I have spent the weekend arguing with people on social media about Boris Johnson’s ear-wigging neighbours and the reaction of his opponents – including Nicola Sturgeon – has been staggering.
I have made it crystal clear, over and over again, that I don’t think the neighbours did anything wrong right up until the point they contacted a Left-wing newspaper. If they sincerely believed that Carrie Symonds was in danger – and I’m willing to give them the benefit of the doubt, even though Carrie herself is not – then calling the police was the responsible thing to do.
According to the Office for National Statistics, an estimated two million adults in England and Wales experienced domestic abuse in the last year (1.3 million women and 685,000 men). No one is suggesting we should turn a blind eye to that.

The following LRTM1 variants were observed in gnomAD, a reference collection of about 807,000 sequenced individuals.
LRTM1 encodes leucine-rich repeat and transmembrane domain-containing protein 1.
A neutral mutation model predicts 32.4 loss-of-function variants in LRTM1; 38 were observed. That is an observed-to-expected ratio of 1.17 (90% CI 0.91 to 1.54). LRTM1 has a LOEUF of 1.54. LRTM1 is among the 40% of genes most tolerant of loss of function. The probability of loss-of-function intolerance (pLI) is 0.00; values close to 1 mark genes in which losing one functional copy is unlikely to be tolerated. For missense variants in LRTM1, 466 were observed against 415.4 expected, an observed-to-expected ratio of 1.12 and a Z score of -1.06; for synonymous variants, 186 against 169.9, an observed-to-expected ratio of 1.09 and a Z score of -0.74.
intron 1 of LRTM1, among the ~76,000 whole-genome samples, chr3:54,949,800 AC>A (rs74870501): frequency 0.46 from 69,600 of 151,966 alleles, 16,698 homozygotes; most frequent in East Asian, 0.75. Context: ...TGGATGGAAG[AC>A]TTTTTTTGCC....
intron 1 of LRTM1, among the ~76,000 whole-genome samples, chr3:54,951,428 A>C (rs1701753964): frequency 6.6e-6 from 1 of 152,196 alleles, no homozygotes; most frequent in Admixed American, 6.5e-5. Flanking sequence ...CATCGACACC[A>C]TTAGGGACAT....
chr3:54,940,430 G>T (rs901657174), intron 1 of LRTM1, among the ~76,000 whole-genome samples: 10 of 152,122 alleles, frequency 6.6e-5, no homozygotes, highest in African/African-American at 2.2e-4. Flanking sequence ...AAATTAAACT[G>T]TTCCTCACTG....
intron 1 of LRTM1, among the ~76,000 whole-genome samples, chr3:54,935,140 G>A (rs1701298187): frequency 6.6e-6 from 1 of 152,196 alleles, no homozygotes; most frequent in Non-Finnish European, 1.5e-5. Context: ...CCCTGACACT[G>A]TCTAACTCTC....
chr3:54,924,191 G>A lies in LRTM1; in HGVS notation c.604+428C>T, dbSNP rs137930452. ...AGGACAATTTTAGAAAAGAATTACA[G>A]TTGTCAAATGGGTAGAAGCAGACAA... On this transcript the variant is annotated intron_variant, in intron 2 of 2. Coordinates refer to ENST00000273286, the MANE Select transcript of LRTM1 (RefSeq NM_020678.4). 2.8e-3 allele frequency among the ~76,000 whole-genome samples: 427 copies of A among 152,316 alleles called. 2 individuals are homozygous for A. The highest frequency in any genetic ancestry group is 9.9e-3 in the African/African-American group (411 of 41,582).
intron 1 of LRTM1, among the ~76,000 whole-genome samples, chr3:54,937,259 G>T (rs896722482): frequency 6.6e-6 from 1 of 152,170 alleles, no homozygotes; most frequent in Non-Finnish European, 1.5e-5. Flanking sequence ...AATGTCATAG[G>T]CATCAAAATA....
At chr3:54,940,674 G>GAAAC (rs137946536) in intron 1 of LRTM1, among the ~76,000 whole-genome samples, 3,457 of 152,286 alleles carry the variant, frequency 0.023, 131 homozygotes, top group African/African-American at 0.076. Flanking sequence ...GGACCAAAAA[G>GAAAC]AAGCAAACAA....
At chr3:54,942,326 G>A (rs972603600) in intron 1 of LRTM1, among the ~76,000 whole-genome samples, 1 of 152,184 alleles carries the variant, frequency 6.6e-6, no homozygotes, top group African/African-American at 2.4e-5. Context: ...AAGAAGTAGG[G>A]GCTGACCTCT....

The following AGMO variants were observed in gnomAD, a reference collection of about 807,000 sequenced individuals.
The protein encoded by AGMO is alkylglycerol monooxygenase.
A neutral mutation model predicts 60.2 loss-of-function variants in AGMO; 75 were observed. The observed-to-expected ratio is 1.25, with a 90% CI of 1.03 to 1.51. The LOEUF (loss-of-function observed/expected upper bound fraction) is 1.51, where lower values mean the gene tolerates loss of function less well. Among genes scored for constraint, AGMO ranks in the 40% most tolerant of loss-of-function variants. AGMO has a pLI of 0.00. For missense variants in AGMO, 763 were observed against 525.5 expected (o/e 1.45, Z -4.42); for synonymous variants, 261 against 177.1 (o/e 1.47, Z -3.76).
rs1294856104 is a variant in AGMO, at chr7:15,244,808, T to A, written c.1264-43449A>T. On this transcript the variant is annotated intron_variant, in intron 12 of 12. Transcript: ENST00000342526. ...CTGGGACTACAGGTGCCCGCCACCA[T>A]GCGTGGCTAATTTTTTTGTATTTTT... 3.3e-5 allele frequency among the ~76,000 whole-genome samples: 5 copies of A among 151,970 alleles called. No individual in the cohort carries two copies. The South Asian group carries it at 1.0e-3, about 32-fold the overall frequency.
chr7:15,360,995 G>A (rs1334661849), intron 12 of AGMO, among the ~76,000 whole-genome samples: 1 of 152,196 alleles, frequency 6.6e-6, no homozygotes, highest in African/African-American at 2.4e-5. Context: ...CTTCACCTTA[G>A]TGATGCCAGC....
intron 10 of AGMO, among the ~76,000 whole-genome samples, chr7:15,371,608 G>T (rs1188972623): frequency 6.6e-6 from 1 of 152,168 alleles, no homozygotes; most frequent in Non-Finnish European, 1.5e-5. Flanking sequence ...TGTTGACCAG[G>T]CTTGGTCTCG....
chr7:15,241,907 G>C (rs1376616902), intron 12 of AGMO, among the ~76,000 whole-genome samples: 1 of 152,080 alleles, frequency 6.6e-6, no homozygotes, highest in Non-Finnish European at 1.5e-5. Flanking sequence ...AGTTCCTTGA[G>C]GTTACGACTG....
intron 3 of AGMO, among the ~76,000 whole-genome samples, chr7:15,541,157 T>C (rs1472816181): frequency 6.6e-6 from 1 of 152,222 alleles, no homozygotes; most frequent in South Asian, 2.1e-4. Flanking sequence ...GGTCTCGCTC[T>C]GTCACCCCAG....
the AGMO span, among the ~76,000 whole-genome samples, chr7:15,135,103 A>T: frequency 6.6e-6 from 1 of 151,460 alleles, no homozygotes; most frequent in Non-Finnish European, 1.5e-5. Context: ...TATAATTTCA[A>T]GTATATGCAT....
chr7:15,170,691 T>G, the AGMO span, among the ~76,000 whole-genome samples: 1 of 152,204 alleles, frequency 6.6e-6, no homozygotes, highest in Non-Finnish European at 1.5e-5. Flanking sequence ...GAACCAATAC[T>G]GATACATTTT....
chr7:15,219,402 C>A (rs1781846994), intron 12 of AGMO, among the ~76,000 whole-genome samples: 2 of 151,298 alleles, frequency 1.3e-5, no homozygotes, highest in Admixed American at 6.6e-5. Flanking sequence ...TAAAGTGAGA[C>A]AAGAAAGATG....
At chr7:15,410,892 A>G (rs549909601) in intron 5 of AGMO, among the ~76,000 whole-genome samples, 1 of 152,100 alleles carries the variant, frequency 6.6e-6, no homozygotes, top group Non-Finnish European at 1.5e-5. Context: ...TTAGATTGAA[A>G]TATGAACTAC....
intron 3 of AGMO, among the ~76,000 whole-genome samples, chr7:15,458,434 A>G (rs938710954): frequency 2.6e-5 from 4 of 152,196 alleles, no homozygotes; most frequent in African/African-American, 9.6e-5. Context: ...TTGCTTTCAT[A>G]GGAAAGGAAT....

I even think it was acceptable for the neighbours to have recorded the episode on a mobile phone if they sincerely believed a crime was being committed – although a sound expert I’ve spoken to thinks it highly unlikely they could have made a phone recording of a high enough quality for a newspaper to make out everything Boris and Carrie were saying.
But the neighbours crossed the line when they contacted the Guardian, told a reporter what they’d heard and then sent him the recording. What possible justification is there for such a flagrant invasion of privacy? Had the police arrested Boris or Carrie, that would have been one thing. (To read more, click here.)